The venom of the common ancestor of snakes and some lizards, which are sometimes combined into the Toxicofera group, apparently did not differ in such complexity and combined a rather limited number of mutated proteins. He did not have any special devices for the effective injection of toxic saliva into the victim's body. Therefore, different groups of these scaly ones went different ways, developing their own means and delivery mechanisms. By and large, this process encompassed all systems of the snake organism, although its epicenter, of course, fell on the salivary glands, which became real factories for the synthesis of toxins. And on the teeth, which turned into sharp, poison-filled syringes.
It is believed that representatives of the vast and ubiquitous family of vipers can boast of the most advanced poisonous apparatus. Their large venom glands are surrounded by powerful masseter and temporal muscles that can instantly squeeze out venom. Through the channels, it enters the large poisonous teeth, which in many species have become hollow and sharp, like needles. Immersed in a thick mucous base, these teeth automatically "unfold", as soon as the snake opens its mouth wide - and with the effort of the muscles that close it, the poison is squeezed out under the victim's skin.
Some cobras act even more vile - they spit poison at 1–2 m, while aiming in the eyes. But this skill is a rather late acquisition, and ordinary poisonous teeth with new side holes are adapted for spitting. In addition, the poison that got on the cornea is not fatal and only causes severe irritation, allowing the snake to inflict a bite, the ability of which these species have not lost at all. The blinded victim is doomed unless he can counter the poison with some kind of antidote.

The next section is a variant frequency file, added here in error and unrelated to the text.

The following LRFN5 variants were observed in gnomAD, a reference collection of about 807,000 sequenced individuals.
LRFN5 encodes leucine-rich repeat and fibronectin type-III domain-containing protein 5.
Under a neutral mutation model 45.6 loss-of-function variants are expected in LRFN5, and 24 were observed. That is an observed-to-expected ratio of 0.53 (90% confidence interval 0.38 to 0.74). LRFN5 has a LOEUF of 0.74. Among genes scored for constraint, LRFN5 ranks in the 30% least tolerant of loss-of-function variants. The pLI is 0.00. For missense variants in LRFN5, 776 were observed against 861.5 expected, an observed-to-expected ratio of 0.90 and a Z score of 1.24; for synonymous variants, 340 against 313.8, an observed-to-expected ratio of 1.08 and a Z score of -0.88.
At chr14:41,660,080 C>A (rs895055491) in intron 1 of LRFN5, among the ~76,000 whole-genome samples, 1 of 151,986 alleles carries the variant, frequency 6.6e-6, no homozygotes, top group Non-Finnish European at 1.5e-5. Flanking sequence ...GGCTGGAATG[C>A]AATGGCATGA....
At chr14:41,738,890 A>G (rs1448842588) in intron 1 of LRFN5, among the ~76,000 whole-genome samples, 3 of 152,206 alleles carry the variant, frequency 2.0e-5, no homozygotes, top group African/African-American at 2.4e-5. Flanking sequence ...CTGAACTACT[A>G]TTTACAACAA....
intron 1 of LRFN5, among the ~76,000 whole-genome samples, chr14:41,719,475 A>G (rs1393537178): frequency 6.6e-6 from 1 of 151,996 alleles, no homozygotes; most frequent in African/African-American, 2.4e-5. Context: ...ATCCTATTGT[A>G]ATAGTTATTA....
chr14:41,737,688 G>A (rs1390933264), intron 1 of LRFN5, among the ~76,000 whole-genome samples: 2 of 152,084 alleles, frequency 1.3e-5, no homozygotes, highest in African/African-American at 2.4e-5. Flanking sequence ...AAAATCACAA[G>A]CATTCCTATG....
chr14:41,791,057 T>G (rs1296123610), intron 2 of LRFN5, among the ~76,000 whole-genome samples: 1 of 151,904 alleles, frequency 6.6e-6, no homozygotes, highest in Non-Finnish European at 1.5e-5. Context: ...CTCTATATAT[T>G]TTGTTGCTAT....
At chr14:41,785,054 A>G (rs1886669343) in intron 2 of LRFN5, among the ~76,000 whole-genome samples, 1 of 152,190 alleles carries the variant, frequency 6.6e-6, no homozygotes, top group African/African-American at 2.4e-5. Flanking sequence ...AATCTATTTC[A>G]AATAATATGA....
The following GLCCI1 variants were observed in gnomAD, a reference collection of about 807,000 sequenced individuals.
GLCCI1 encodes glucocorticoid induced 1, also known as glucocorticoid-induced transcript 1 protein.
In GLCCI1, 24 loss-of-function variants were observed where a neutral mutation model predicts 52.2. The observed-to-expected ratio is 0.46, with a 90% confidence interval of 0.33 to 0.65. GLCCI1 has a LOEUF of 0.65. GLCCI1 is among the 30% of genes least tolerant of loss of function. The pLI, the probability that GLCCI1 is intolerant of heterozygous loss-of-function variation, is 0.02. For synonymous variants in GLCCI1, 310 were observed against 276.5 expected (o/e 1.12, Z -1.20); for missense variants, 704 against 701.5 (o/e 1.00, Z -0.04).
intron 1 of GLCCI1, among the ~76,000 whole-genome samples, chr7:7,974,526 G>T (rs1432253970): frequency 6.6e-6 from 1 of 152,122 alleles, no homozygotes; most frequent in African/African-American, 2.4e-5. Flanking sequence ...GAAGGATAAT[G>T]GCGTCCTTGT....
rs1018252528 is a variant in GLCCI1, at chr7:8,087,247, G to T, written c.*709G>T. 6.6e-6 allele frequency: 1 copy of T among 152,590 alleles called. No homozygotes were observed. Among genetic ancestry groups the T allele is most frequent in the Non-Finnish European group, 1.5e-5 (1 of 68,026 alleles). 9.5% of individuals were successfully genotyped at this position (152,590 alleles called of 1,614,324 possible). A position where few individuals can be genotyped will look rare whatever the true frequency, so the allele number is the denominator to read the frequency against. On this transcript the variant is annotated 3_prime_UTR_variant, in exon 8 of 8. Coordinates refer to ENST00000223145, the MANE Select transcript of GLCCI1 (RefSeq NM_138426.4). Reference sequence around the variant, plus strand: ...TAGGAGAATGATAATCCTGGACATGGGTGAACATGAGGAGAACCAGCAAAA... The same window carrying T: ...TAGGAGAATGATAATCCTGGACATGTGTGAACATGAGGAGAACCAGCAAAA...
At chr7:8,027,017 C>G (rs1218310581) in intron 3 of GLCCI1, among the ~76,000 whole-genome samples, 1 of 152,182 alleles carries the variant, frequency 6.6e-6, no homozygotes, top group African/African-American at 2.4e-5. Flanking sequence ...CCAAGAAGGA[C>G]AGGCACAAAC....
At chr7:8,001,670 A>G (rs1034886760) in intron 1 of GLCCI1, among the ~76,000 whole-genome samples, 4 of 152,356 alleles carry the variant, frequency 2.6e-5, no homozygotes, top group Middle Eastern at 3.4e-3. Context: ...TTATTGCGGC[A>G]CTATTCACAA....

Many snakes have to be very careful not to bite their tail and die from their own venom. In the fights between them, death from poisoning is a common thing, especially if reptiles of different species have entered into conflict. But others have become insensitive to the action of their own toxins - like the Indian cobra, spectacle snake, whose acetylcholine receptors are insensitive to the action of the main component of its poison, α-neurotoxin. Random mutations endowed mongooses with such resistance, as well as hedgehogs, pigs and honey badgers - relatives of martens that hunt poisonous snakes much more actively than the beloved Rikki-Tikki-Tavi.